Evanston police quietly maintained an unreleased internal policy regarding the use of drones, according to a document obtained by Lucy Parsons Labs.
The document [PDF], entitled “Unmanned Aerial System (UAS) Operations” and dated July 25, 2018, lays out departmental guidelines for the use of drones. It is included in the department’s standard policy manual.
The Evanston Police Department’s policy was created without public knowledge or debate in a community that was an early leader in preventing the rush to drones by law enforcement.
In May 2013, the Evanston City council passed a resolution banning drones for two years. That ban specifically included police, stating, “Police departments have begun to deploy drone technology absent any regulation on the appropriate use of such technology, although the Evanston Police Department has not.” That moratorium expired in 2015.
Since the lapse of Evanston’s drone ban, police use of drones has become a major concern among civil rights and police accountability activists. Outgoing Chicago Mayor Rahm Emanuel recently pushed to give the Chicago Police Department drones.
Emanuel’s plan would have allowed police to fly military-style surveillance technology over any gathering of more than 100 people. The legislation stalled but only after a concerted effort by advocates and activists.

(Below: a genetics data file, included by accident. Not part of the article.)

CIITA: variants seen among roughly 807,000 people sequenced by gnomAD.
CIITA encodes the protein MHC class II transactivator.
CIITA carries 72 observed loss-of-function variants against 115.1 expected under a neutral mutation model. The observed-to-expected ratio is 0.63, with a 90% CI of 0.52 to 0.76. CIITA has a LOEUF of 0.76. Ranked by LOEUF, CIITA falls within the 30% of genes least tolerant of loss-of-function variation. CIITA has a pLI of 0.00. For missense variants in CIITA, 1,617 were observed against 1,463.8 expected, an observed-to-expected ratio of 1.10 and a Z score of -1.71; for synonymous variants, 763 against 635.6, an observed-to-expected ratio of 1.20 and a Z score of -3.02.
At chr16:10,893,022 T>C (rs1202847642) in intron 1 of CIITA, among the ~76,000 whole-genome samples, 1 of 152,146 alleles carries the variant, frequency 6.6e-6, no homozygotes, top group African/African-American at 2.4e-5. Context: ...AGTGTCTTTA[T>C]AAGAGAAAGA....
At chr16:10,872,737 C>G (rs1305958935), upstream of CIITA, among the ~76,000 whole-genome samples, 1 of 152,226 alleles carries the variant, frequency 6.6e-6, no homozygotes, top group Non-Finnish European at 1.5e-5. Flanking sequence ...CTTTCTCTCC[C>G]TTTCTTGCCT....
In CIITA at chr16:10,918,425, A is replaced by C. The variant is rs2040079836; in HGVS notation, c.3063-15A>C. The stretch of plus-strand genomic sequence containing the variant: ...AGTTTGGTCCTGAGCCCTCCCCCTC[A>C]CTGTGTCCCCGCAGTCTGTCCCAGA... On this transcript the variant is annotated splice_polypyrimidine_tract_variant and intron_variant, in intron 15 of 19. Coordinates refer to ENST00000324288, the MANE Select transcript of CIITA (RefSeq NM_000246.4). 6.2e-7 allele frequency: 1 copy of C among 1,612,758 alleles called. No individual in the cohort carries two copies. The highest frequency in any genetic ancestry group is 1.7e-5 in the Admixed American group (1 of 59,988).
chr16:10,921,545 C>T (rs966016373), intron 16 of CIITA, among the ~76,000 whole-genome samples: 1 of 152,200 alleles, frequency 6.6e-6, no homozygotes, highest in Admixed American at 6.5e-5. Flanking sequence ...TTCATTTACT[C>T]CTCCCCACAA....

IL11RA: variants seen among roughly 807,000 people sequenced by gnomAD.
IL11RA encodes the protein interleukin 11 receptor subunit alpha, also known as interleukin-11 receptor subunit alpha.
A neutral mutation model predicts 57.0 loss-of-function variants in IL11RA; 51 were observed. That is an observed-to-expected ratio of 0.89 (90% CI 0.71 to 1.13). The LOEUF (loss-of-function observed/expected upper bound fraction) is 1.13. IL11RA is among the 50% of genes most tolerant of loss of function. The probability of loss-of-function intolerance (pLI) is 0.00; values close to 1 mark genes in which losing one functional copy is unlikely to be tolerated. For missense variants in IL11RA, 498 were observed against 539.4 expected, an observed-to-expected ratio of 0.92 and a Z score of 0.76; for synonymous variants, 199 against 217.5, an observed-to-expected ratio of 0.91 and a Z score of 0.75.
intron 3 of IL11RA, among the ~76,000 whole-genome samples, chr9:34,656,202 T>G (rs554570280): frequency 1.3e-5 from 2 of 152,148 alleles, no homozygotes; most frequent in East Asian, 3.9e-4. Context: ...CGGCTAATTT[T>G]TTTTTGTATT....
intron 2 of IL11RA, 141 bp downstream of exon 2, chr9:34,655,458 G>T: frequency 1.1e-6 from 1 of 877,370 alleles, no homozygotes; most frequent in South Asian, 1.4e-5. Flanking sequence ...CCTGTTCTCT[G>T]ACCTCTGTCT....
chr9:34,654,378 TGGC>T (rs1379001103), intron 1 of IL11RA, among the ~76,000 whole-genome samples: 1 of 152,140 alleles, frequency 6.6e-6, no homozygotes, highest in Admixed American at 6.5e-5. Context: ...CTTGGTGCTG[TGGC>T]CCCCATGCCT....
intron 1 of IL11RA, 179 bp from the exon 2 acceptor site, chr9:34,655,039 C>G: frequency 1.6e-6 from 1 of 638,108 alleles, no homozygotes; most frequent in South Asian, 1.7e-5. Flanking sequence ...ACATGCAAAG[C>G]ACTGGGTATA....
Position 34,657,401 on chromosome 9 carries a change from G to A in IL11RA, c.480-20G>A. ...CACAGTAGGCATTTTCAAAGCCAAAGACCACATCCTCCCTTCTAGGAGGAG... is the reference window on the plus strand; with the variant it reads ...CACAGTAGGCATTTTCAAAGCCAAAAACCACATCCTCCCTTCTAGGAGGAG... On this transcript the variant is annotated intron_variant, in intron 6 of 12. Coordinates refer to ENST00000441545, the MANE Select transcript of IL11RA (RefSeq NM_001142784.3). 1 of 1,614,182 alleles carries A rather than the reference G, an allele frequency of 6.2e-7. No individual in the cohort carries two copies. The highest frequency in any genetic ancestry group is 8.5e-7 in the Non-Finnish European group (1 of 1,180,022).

Yet, in Evanston, police use of drones largely faded from local politics.
In August 2017, the EPD responded to a request for “any records” concerning their “use of drones now or plans to use drones in the future” with a one-sentence reply: “The Evanston Police Department does not have policy or procedures or proposals at this time regarding drones.”
One year later, a public records request has forced the EPD to release a fully formed drone policy. The policy was produced for EPD by Lexipol, a for-profit company that outfits law enforcement agencies with ready-made policies.
“The UAS [Unmanned Aerial System] shall not be weaponized,” it states.
Documents also show that Evanston Deputy Chief of Police Jay Parrott received informational emails regarding drones from private firms as early as July 5, 2017.
One email announced a seminar for law enforcement: “When building a successful drone program, perception and acceptance is key to your success. The public has concerns.”
“So how do you educate them to gain acceptance?”